How courts' use of fingerprints "is on the cusp of a much-needed revolution." First used to obtain a conviction in Argentina in 1892, fingerprint evidence has long been the paragon of forensic science. Typically, experts will testify that prints taken from a suspect are "a match" with those found at the scene of a crime, offering, however, no "error rate" to accompany their statement, as would be the case if, say, DNA evidence were given. Yet, as the, significant errors are indeed possible.
The law school at UCLA has been commissioned by the US National Institute of Justice to look into error rates in fingerprint identification, aiming to have the study assist counsel and the courts. And in Britain forensic scientists are working on a computer program that will give "statistical weight" to fingerprint matches, where, as is often the case, the crime scene prints are less than perfect instances.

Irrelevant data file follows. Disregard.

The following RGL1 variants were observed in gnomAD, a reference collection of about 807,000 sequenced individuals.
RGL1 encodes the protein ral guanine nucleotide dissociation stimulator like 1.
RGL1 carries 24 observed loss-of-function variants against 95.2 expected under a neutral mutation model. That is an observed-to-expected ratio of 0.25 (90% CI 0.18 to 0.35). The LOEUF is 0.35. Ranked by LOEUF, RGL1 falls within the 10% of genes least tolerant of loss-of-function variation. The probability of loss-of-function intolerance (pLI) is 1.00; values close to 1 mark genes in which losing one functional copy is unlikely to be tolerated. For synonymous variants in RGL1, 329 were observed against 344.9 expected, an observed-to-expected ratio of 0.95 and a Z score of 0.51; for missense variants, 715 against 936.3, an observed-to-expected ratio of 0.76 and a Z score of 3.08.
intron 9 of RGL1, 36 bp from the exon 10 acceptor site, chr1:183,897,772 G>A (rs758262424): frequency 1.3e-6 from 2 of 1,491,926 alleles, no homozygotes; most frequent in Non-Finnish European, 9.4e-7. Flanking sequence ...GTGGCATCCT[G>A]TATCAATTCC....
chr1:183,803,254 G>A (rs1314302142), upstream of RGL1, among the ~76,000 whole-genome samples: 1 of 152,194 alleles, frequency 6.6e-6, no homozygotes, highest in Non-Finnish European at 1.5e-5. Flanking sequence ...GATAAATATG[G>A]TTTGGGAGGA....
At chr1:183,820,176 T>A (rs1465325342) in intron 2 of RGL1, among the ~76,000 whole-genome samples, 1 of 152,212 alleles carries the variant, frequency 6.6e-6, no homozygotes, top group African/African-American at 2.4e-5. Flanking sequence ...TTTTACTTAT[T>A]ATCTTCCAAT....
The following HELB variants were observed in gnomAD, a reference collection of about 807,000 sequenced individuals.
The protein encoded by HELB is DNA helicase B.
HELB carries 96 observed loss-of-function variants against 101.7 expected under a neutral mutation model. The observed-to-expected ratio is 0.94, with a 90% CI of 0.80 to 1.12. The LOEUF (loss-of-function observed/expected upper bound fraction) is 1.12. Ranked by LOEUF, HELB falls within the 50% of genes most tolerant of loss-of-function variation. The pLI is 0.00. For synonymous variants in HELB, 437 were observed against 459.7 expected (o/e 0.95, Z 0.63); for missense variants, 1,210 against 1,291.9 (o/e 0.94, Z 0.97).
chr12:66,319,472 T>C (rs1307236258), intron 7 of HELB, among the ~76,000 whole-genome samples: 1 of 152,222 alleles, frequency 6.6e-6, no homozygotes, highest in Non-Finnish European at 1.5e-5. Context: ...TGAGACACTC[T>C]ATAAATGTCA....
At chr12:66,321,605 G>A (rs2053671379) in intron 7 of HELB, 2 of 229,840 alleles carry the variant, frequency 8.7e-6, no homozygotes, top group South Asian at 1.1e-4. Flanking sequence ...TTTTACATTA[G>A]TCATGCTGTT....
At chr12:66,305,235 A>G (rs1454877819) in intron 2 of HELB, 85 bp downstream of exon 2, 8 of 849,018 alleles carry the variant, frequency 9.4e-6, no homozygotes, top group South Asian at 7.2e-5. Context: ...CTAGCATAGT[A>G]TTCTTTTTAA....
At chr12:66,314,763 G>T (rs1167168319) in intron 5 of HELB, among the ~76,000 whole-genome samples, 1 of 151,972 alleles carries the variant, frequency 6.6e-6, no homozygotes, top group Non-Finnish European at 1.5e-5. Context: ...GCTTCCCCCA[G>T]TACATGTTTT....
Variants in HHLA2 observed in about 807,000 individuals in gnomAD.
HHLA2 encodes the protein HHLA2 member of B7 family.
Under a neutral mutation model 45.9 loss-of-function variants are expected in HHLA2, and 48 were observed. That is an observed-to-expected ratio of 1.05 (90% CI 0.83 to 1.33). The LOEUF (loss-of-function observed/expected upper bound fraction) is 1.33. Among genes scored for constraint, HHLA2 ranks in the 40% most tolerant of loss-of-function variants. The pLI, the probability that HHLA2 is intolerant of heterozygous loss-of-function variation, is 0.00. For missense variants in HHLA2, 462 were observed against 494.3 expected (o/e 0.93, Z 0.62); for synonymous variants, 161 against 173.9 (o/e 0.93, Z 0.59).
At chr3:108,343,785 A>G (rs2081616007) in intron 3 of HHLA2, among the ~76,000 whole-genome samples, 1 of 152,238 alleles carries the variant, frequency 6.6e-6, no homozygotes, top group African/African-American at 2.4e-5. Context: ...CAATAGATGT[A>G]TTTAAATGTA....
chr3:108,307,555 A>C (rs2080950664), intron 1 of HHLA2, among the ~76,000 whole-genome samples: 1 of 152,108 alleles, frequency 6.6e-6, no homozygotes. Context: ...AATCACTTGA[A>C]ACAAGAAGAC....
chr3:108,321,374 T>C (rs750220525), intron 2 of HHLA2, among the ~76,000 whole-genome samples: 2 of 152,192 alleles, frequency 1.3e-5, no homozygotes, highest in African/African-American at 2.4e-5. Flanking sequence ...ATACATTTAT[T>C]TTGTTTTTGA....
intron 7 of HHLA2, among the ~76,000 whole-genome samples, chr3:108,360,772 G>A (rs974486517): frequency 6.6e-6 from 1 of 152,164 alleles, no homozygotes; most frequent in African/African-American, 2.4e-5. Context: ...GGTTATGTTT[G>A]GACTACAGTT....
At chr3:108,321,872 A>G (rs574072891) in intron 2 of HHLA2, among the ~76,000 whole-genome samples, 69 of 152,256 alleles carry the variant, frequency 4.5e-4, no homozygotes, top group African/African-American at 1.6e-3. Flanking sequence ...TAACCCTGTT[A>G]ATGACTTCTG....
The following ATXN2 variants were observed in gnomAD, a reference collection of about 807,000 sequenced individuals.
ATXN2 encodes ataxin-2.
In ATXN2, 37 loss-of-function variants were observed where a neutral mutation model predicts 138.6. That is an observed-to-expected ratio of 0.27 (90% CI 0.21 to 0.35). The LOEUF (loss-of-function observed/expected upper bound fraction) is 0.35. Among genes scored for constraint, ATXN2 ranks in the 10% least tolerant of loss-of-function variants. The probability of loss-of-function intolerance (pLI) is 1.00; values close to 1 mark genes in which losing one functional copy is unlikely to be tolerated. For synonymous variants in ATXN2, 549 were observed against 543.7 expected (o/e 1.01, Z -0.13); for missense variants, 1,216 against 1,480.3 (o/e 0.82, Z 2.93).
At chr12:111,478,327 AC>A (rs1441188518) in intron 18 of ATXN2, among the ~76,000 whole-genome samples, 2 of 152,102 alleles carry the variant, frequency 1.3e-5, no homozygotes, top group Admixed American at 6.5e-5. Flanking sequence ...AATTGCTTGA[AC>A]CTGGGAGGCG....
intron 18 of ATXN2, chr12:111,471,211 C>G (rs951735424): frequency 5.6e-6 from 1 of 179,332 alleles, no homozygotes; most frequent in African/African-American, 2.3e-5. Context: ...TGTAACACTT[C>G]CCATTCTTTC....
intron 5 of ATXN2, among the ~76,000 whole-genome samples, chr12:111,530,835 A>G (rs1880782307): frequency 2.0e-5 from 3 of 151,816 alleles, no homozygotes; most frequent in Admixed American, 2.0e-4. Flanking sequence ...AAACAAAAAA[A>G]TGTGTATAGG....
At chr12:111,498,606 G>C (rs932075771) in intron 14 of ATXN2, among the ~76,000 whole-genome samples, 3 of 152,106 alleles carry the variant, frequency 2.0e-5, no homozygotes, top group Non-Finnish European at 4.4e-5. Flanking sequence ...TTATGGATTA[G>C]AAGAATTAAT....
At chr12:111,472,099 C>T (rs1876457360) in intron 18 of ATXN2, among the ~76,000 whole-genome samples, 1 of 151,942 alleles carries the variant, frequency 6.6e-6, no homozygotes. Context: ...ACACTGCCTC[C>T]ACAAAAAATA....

The problem is not so much one of matching two sets of perfect prints but of judging whether one smudged or partial print, for example, is a match to a more perfect example.
Associate Professor of Law, KIIT Law School
KIIT University, Bhubaneswar, Odisha, India, 751024.
Blog: http://tabrezahmad.technolexindia.com http://iplexindia.blogspot.com
Research Papers: http://papers.ssrn.com/sol3/cf_dev/AbsByAuth.cfm?per_id=1189281